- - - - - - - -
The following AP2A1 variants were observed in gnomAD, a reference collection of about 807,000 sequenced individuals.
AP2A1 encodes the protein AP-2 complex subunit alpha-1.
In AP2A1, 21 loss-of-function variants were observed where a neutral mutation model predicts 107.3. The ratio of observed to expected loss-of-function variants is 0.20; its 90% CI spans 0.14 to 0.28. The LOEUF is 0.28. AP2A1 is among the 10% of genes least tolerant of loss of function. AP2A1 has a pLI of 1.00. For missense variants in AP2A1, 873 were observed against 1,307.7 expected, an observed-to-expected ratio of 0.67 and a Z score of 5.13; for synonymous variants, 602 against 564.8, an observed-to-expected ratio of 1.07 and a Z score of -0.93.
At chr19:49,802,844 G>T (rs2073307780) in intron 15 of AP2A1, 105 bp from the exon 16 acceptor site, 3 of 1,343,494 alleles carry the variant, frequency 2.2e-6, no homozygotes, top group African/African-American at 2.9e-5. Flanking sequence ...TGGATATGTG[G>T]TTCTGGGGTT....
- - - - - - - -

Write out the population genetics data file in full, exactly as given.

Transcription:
The following AP2A1 variants were observed in gnomAD, a reference collection of about 807,000 sequenced individuals.
AP2A1 encodes the protein AP-2 complex subunit alpha-1.
In AP2A1, 21 loss-of-function variants were observed where a neutral mutation model predicts 107.3. The ratio of observed to expected loss-of-function variants is 0.20; its 90% CI spans 0.14 to 0.28. The LOEUF is 0.28. AP2A1 is among the 10% of genes least tolerant of loss of function. AP2A1 has a pLI of 1.00. For missense variants in AP2A1, 873 were observed against 1,307.7 expected, an observed-to-expected ratio of 0.67 and a Z score of 5.13; for synonymous variants, 602 against 564.8, an observed-to-expected ratio of 1.07 and a Z score of -0.93.
At chr19:49,802,844 G>T (rs2073307780) in intron 15 of AP2A1, 105 bp from the exon 16 acceptor site, 3 of 1,343,494 alleles carry the variant, frequency 2.2e-6, no homozygotes, top group African/African-American at 2.9e-5. Flanking sequence ...TGGATATGTG[G>T]TTCTGGGGTT....